students at ericsson learning center india 5 1267452aad2af28d65dbd30138acd09512f504

Using 5G to provide access to education for students in India | 5G use cases

The availability of mobile broadband networks and the rapid adoption of smartphones over the past five years has greatly impacted consumers, economy and society in India. Since the start of the COVID 19 pandemic in early 2020, Indians have relied on mobile broadband for remote work, education, healthcare, shopping and other services. Nowhere has the effect of communication been more pronounced than in education. Thanks to the wide availability of mobile broadband connectivity and affordable data plans, many schools are quickly switching to distance education and millions of students are switching to distance learning.

However, despite the significant progress in making 4G available in almost all of India, there are still millions who do not have or have insufficient access to broadband. The lack of broadband internet access is most severe in rural and remote areas of the country. As such, there are still millions of students living in these areas who have insufficient or no access to the Internet. For them, school education has become a challenge during the nearly two years of school closures due to the pandemic that began in early 2020. There has been severe disruption to learning due to inadequate or no access to the Internet. According to a study conducted by Lenasia and the Indian Council for Research on International Economic Relations between March and September 2021, only 20% of school-going children (i.e. children aged 5-18) enrolled in the formal education system, received distance learning. Education during school closures due to the epidemic1. Moreover, as another study found, many students who had access to an educational device faced challenges related to insufficient Internet speed or found the costs of Internet access prohibitive.2. According to UNESCO, 39% of Indian parents cannot afford the Internet3. If we look at schools specifically, only 24.5% of schools in India are online according to government data4 Some states have less than 10% of schools with internet. Likewise, many teachers may also not have access to a good internet connection or a suitable device to deliver lessons remotely.

How can 5G help meet these challenges?

It is important to highlight here that as education becomes more hybrid and digitally richer – access to quality and reliable broadband becomes just as important as access to quality teachers and textbooks. On the other hand, teachers also need a reliable broadband connection that is always reliable to deliver effective teaching. On the other hand, bringing digital learning to the offline will involve a multi-dimensional approach from ensuring the availability and affordability of Internet connectivity and access devices to the availability of quality digital educational content and sufficient teacher training to deliver digital or distance learning. Then there is the issue of measuring learning outcomes in a distance learning environment. Let’s have a look at how 5G can be effective in tackling all of these and transforming education in India.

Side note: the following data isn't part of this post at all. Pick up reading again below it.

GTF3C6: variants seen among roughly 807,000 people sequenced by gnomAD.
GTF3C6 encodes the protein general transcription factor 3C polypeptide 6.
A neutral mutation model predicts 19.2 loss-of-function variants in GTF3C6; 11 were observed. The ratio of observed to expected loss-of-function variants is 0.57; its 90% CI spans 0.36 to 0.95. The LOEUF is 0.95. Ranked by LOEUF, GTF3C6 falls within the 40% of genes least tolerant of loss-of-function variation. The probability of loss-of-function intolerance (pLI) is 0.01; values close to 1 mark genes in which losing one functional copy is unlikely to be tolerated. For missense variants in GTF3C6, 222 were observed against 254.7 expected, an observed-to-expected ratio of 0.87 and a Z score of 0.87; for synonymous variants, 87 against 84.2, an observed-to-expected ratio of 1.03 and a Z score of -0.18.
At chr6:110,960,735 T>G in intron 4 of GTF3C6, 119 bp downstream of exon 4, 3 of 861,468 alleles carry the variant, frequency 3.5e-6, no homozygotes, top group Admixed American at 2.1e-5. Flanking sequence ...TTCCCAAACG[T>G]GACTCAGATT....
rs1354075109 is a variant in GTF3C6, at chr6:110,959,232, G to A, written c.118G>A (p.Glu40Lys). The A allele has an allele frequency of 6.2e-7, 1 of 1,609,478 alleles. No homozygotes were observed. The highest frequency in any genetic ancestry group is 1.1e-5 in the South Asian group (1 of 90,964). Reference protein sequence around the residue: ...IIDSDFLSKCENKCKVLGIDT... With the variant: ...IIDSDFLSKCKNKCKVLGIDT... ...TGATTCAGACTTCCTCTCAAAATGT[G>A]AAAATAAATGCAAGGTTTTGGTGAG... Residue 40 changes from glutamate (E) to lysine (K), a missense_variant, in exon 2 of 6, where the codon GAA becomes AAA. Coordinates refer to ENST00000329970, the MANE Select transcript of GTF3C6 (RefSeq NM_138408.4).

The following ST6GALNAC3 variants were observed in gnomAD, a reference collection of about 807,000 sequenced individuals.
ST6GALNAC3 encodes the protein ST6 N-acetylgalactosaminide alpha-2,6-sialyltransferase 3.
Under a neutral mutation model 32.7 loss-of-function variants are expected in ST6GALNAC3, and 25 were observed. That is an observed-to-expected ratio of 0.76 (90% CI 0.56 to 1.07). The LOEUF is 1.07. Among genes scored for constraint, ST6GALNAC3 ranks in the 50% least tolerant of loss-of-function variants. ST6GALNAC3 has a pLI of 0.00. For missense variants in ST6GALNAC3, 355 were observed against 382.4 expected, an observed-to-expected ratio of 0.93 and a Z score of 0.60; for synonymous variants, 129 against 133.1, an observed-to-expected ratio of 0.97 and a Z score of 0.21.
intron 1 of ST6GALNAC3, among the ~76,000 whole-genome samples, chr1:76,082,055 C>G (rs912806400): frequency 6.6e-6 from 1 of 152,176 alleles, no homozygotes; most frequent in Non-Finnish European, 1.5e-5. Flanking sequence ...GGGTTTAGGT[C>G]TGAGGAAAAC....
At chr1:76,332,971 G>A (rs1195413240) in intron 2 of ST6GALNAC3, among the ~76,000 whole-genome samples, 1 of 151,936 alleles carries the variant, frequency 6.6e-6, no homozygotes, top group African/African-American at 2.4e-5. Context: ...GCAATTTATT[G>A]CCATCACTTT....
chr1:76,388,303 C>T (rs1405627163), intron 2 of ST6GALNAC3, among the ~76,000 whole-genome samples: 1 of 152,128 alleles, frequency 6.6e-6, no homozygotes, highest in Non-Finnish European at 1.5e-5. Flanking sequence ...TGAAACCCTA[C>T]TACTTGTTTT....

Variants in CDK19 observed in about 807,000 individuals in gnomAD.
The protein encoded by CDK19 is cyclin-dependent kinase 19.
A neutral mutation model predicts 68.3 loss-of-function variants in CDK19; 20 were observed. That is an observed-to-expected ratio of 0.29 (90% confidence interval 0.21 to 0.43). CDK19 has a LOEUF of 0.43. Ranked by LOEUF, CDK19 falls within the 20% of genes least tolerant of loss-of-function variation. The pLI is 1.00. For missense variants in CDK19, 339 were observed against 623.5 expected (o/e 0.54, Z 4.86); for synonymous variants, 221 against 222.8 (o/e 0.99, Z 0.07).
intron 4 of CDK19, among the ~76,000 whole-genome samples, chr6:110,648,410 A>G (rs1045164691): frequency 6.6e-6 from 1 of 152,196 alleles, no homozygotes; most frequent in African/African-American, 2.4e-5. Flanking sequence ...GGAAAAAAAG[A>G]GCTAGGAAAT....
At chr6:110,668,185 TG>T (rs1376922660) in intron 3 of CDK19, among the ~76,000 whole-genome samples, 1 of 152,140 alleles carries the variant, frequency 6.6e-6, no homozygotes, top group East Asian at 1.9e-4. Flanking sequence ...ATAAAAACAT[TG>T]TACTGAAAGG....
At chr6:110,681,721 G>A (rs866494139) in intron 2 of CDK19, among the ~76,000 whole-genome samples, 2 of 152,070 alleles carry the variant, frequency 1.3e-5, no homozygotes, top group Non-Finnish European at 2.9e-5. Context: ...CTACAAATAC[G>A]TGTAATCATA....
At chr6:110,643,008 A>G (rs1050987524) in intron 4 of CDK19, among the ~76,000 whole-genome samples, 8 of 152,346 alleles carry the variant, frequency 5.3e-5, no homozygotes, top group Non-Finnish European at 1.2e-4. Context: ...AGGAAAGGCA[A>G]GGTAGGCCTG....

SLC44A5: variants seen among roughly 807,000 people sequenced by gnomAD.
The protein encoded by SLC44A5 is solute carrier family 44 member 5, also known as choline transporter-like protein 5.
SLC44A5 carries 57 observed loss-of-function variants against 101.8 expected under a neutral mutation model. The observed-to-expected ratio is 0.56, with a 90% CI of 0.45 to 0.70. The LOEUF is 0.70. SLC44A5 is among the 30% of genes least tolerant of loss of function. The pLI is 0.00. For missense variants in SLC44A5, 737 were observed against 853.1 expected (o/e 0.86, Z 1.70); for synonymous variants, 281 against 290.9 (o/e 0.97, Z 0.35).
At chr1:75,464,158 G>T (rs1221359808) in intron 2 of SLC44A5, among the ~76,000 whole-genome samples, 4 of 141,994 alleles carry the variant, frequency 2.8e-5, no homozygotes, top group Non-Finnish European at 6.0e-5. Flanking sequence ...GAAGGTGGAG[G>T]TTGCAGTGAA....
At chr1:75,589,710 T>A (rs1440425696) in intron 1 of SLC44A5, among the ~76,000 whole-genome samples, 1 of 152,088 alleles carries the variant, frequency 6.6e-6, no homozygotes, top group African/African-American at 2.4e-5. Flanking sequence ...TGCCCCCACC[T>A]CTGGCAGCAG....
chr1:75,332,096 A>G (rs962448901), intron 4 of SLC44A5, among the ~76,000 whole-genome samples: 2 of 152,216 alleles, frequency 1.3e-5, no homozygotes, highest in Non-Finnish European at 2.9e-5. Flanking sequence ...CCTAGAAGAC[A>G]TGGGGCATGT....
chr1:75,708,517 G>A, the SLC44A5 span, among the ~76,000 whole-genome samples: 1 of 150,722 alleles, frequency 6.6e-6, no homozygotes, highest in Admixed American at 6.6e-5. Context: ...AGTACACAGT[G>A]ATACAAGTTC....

Addressing the Internet Coverage Gap with 5G – Connecting schools to the Internet is critical to making education more effective. It is also important from a social and economic point of view. An analysis by EIU-The Economist found that a 10% increase in school connectivity can increase children’s effective school years by 0.6%, and GDP per capita by 1.1%.5. Due to the insufficient fixed broadband infrastructure in India, 5G could play the most important role in providing reliable broadband access to schools. For example, 5G FWA can play an important and effective role here – compared to fiber backlog (FTTH) FWA deployments can cost much less.6. FWA can be deployed not only in rural and remote areas but also in disadvantaged communities in urban areas. Likewise, private 5G networks can be deployed to provide Internet access in schools. Here we can learn from the successful deployment of private LTE networks by many schools in the United States to connect students residing in disadvantaged rural communities.

Make distance learning more interactive and enriching – 5G technology can help learning become more immersive and interactive. Lessons delivered using Augmented Reality/Virtual Reality tools can make learning more experienced. AR/VR can help students better understand topics by bringing theoretical concepts to life. AR/VR can also be used to impart training to teachers. Interactive lessons rich in visual content can have a positive impact on learning outcomes.

As in many other sectors, 5G will have a transformative impact on school education in India. It can not only help provide reliable broadband access to millions of disconnected students but also fundamentally change teaching methods leading to positive educational outcomes.